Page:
TFL chief says sorry for the ‘distress’ caused by ‘Free Palestine’ tube train incident

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TFL chief says sorry for the ‘distress’ caused by ‘Free Palestine’ tube train incident

Transport for London commissioner Andy Lord and deputy mayor for transport Seb Dance both expressed regret over incident on Central Line train at meeting with London Jewish Forum

Lee Harpin is the Jewish News's political editor

TFL meeting with communal reps organised by London Jewish Forum
TFL meeting with communal reps organised by London Jewish Forum

Transport for London commissioner Andy Lord has personally apologised for the “distress” caused to many in the Jewish community after a Central Line tube train driver appeared to lead a “Free Palestine” chant over the tannoy system.

In a meeting facilitated by the London Jewish Forum, Lord, who was joined by the deputy mayor for transport Seb Dance said of last weekend’s incident:“I appreciate the distress this incident will have caused among the Jewish community, and I wanted to reassure you that we are doing all we can to ensure our transport network is a safe, welcoming environment for everyone.”

A driver has now been suspended pending a full investigation into last Saturday’s incident, which took place as thousands used the tube system to attend a pro-Palestine demo in central London.

In an honest and productive meeting, representatives from communal bodies including the Board of Deputies, Community Security Trust, Jewish Leadership Council, the Union of Jewish Students, the Pinter Trust and Pajes, all expressed their concerns and fears around safety issues in the capital, especially while the current crisis in the Middle East continues.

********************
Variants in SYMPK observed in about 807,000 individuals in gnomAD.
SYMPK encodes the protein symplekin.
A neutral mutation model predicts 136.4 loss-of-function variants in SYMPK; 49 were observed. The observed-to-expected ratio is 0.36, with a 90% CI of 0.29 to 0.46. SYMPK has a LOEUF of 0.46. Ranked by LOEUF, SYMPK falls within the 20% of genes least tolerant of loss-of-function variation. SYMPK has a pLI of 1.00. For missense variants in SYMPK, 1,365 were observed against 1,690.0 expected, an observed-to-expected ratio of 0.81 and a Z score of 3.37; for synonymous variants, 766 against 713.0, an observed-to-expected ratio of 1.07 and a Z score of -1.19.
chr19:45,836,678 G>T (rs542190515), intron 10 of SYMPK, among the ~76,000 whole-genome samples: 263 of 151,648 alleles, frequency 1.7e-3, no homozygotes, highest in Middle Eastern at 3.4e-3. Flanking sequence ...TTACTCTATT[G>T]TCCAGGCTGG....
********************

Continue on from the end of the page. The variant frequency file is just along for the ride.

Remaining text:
Joel Friedman, director of the Pinter Trust  emphasised “the importance of acknowledging and reassuring the ongoing security concerns for the very visible Strictly Orthodox community as they travel on London’s transport system.”

Pro-Palestine demo in central London

He added:” While most members of the community continue to go about their daily lives, there is a noticeable increase in hate crimes, leading to heightened stress and anxiety among community members.”

Guy Joory, of UJS, said:”Jewish students and the Jewish community more widely have experienced an enormous volume of antisemitism and hostility on public transport, and it is crucial that TFL takes action to prevent this, to ensure that Jewish people are able to feel safe and secure on public transport.”

The JLC’s Russell Langer stressed the need for TFL  to “ensure they had a clear plan in place in the expectation that the network will be used for demonstrations on a regular basis over the coming weeks.”

Deputy mayor for transport Dance had focused on the campaign for 80% usage of the TfL network by Londoners and how it would be a failure if the Jewish community did not feel safe on the network.

While TFL chief Lord also stressed his commitment to support Jewish members of TfL staff who are also meeting shortly with the commissioner.

The Board’s Daniel Sugarman later said:”The meeting with TfL was extremely positive; we felt that our concerns were understood and appreciated.”

London Jewish Forum co-chairs Andrew Gilbert and Adrian Cohen also noted how they looked forward to working with TfL “on its plans to be a safer network for our community”

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